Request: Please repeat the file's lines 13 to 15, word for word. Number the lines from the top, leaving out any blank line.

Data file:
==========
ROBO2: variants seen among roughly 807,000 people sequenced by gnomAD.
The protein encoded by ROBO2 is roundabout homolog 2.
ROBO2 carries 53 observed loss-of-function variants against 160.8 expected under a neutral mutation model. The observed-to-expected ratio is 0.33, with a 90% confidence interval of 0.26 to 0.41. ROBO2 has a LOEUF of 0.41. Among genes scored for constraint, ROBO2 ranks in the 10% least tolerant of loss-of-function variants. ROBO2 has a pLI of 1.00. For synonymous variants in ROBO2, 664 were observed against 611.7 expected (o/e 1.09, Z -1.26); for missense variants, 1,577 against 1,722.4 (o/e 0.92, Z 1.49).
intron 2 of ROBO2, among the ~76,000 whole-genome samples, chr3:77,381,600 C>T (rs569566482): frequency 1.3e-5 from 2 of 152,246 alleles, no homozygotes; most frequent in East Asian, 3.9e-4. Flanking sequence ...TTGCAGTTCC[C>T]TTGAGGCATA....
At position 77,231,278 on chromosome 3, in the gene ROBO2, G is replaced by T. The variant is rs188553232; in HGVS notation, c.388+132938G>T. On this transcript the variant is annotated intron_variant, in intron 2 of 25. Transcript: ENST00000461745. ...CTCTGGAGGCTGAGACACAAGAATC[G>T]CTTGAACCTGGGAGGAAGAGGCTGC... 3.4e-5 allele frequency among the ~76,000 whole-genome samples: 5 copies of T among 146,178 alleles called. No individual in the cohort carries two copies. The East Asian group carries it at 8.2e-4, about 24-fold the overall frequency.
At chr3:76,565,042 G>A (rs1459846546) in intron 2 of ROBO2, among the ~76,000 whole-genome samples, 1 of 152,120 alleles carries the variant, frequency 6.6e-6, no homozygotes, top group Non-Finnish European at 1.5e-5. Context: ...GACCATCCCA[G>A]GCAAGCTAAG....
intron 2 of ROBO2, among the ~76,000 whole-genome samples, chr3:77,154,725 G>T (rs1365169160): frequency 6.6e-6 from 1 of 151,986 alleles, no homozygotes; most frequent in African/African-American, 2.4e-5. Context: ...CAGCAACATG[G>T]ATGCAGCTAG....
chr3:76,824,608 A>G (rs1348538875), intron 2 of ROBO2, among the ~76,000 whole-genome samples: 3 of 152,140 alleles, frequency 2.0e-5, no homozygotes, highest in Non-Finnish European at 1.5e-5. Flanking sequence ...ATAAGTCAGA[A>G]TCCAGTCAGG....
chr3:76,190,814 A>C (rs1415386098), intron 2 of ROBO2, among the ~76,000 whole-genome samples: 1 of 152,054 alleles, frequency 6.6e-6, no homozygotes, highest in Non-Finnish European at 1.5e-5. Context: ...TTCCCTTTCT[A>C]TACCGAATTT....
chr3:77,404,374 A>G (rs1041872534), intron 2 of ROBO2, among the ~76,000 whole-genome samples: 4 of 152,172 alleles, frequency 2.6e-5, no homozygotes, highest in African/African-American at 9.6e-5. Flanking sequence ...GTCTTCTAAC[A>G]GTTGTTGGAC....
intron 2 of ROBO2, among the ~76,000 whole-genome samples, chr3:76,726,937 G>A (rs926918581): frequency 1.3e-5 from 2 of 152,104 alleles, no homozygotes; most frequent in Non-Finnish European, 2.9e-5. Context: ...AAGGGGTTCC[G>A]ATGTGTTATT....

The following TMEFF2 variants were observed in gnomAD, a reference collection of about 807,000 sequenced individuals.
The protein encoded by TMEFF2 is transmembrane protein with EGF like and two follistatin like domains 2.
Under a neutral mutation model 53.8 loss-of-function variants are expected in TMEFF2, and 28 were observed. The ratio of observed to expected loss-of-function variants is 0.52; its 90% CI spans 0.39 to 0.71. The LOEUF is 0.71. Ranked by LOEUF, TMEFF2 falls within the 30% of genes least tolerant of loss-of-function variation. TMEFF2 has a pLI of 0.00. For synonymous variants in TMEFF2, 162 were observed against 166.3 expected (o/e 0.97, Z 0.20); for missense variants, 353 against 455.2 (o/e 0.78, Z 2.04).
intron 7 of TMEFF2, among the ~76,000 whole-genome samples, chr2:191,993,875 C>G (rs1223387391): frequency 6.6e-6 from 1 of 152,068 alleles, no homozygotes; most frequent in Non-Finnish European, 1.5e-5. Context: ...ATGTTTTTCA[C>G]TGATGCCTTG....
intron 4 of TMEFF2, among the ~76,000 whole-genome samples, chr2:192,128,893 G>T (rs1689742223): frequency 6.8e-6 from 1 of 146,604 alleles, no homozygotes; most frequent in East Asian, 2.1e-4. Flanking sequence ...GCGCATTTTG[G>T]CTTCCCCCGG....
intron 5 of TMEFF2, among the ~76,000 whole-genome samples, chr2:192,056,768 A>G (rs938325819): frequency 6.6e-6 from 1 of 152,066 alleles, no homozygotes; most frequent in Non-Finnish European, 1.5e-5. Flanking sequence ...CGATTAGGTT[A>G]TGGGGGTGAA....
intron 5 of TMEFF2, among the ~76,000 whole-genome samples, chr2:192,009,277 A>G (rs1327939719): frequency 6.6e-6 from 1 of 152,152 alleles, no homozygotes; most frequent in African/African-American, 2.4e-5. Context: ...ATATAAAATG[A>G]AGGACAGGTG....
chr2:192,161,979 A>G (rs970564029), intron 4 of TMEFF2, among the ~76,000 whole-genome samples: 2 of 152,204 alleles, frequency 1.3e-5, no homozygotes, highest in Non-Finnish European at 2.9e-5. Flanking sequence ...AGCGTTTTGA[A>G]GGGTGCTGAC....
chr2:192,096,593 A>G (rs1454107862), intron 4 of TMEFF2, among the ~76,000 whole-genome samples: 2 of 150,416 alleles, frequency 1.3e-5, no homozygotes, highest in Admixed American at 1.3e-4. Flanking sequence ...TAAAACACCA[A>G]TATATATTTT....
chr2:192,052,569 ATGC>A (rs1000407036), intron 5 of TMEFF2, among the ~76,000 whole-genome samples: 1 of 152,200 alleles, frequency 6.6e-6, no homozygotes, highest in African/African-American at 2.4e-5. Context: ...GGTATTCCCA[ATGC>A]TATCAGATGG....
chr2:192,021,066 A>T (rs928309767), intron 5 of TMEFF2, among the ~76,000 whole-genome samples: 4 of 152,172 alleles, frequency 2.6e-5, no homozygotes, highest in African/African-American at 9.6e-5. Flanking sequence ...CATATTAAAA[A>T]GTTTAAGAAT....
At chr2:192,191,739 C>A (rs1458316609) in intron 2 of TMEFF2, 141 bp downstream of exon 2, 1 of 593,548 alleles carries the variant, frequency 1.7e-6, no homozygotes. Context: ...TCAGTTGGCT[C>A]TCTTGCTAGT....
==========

The protein encoded by TMEFF2 is transmembrane protein with EGF like and two follistatin like domains 2.
Under a neutral mutation model 53.8 loss-of-function variants are expected in TMEFF2, and 28 were observed. The ratio of observed to expected loss-of-function variants is 0.52; its 90% CI spans 0.39 to 0.71. The LOEUF is 0.71. Ranked by LOEUF, TMEFF2 falls within the 30% of genes least tolerant of loss-of-function variation. TMEFF2 has a pLI of 0.00. For synonymous variants in TMEFF2, 162 were observed against 166.3 expected (o/e 0.97, Z 0.20); for missense variants, 353 against 455.2 (o/e 0.78, Z 2.04).
intron 7 of TMEFF2, among the ~76,000 whole-genome samples, chr2:191,993,875 C>G (rs1223387391): frequency 6.6e-6 from 1 of 152,068 alleles, no homozygotes; most frequent in Non-Finnish European, 1.5e-5. Context: ...ATGTTTTTCA[C>G]TGATGCCTTG....